Beit Midrash

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To dedicate this lesson

The Torah study is dedicated in the memory of

R. Avraham ben-tziyon ben shabtai

The Kingdom of Israel

With the decrees of Antiochus it became clear that there is no room for Jewish existence without Jewish rule.


Rabbi Shaul Yisraeli zt"l

Kislev 5762
1. An Unlikely Couple
2. Pharaoh's Dream in Joseph's Hands
3. The Jewish War

An Unlikely Couple
In the framework of their yearly reunion, this week's Torah episode, "MiKetz ," and the episode of days past, Hanukah, strike us as being quite opposite in nature.
Our weekly portion, on the one hand, describes Joseph's rise to power in Egypt, a result of his cooperation in saving the kingdom from impending ruin. We bear witness to the interlacing of the Hebrew nation into the fabric of Egyptian society, and to the strengthening of relations between the family of Jacob and the Egyptian powers that be. The days of Hanukah, on the other hand, are characterized by an altogether different nature: They teach us of the manner and way in which this chapter of partnership and cooperation with foreign rule came to a close - they teach us of the road to true independence.

While it is clear and obvious from the outset that Israel's cooperation with Egypt is a temporary rendezvous which could not have possibly lasted for very long, even for the sake of this short lived affair it was necessary to create the proper conditions…

Pharaoh's Dream in Joseph's Hands
"Pharaoh woke up and realized that it had been a dream… He sent word, summoning all the symbolists and wise men of Egypt. Pharaoh told them his dreams, but there was no one who could provide a satisfactory interpretation."
(Genesis 41:7,8)

"The wise men said, 'The seven handsome cows symbolize seven daughters that you will father… the seven good ears of grain symbolize seven kingdoms that you will conquer.'"
(From the Midrash)

In the episode of Pharaoh's dream we are struck by the obvious perversion on the part of Pharaoh's symbolists and wise men of that which appears to be self-evident. They were unable to produce the simplest and most obvious explanation of Pharaoh's dream until Joseph came along and unveiled it. This appears to reflect a fundamental difference in the characters of Joseph and the king's wise men. The king's men could not produce the correct interpretation because it would have negated their entire paganistic way of thinking.

The philosophy which supposes nature to be pervaded by Divine forces clashing with one another, and struggling to grab hold of the reigns of world control, views the kingdom and its regime as an end in itself. The entire objective of the king is to amplify his own honor, riches and power. Power, according to this attitude, is not a means towards some greater ideal - it itself is the ideal. It follows that the responsibility of the king to care for his people exists only to the extent that without a people there can be no king: In order for there to be a king and a kingdom there has to be a people to rule over.

Naturally, this outlook espouses a world divided into higher and lower castes, each rung bound to the service of the one above it, from the lowest rung up to the king himself. The wise men, adherents of this approach and viewpoint, are incapable of interpreting Pharaoh's dream in a manner which would inform him of what he must do for the sake of his people. They look for solutions in the arena of royal dominion: "You will conquer seven nations," and in the realm of the king's own private family: "You will father seven daughters." Yet, in order to uncover the true explanation Joseph has to be brought in.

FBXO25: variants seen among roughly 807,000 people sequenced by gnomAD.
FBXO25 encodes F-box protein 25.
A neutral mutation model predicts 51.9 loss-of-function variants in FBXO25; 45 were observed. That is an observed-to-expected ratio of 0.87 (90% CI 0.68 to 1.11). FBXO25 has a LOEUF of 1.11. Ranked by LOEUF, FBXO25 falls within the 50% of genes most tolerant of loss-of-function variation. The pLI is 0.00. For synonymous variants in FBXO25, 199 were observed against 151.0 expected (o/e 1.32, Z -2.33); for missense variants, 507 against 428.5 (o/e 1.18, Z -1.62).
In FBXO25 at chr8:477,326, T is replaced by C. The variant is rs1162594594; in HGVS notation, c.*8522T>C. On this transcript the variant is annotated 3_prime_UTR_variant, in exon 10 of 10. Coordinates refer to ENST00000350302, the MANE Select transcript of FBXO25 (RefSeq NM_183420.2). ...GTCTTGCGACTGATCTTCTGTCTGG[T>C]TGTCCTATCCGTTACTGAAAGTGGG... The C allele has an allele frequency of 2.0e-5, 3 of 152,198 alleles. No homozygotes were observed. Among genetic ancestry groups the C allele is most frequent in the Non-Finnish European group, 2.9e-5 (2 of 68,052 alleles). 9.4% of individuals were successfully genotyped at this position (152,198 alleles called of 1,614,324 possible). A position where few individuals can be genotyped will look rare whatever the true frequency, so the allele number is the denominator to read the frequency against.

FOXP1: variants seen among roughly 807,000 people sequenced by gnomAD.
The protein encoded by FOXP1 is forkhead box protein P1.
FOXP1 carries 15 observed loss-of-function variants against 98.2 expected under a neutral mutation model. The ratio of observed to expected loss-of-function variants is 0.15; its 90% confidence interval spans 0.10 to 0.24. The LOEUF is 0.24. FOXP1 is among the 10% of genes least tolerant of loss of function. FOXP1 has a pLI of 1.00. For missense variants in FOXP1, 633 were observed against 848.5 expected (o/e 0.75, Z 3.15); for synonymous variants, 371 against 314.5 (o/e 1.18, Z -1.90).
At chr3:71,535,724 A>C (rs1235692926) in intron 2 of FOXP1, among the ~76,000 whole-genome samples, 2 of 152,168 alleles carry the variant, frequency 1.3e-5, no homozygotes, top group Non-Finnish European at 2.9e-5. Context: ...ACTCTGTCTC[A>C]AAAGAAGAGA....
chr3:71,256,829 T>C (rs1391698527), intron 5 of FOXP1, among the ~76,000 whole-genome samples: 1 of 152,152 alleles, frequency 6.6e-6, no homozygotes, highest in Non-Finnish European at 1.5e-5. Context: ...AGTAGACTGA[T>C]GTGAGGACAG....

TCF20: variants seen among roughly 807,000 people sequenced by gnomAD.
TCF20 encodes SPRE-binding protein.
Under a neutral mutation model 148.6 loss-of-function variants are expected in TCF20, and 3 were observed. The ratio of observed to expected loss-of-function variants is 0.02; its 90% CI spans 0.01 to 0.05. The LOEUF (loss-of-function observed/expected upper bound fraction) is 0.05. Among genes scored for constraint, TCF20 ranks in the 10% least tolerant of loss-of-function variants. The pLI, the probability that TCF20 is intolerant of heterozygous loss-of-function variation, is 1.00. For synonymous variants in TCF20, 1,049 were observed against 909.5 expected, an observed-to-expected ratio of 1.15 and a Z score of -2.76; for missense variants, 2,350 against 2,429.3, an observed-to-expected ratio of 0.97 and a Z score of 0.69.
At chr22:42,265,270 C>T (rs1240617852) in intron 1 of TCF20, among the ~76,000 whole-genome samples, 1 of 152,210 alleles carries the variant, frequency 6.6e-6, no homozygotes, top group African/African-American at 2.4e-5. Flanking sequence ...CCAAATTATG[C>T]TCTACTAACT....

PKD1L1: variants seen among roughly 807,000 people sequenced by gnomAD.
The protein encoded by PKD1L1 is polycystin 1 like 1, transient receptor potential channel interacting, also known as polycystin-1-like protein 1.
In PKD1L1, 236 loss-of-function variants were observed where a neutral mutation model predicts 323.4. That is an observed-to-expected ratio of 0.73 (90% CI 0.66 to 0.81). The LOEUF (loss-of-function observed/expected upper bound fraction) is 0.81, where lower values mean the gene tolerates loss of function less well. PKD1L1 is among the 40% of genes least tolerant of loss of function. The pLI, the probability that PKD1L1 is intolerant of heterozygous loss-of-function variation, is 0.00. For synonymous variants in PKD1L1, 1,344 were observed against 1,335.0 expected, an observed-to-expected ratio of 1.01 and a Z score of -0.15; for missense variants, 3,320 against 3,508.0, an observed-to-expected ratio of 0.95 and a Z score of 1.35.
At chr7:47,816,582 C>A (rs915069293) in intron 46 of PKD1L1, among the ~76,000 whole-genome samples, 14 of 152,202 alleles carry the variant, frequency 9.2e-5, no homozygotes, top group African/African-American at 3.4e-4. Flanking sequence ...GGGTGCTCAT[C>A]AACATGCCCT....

Joseph's understanding of the concept of kingdom, stems from a recognition of God's oneness, a faith in the one and only power which governs over and rules the entire universe. This sort of outlook refuses to view the kingdom as a mere self-serving vehicle, an end in itself. Joseph sees the kingship as a means of securing law and justice in the world, a restraining device against the enemies of the vulnerable, and against the desire of destructive forces to get the upper hand. He cannot view it as a goal or an end in itself. Only this sort of perspective is capable of arriving at the sort of interpretation which Joseph indeed arrived.

The Jewish War
In light of this approach - that power is not an end in itself, and that authority's ultimate goal is the establishment of law and justice in the world - we are better equipped to understand the national frame of mind at the outset of the Second Temple period. For we find that the Jewish people's desire for national independence at this point in history lies dormant. After seventy years of exile, our political acuteness had been sapped: We desired nothing more than to be free of the yoke of national sovereignty.

But this submissive cooperation on our part, this willingness to forgo independence, came to an end with the decrees of Antiochus. It became increasingly clear that pagan rule does not limit itself to pure administrative bureaucracy, allowing personal freedom of conscience and faith. Along with their renunciation of political autonomy the Jewish people were called upon to relinquish spiritual autonomy as well, to abandon cherished values and ideals.

With the decrees of Antiochus it became clear that there is no room for Jewish existence without Jewish rule. The war waged by the Maccabees was a war for rule of a true Jewish nature, a war for the reign of the Torah of Israel, for if there is no Jewish rule the Torah itself con not exist. It is impossible to study Torah and to keep the Sabbath while under foreign rule, for, as we learn from the story of Hanukah, there is no way to avoid eventual confrontation.

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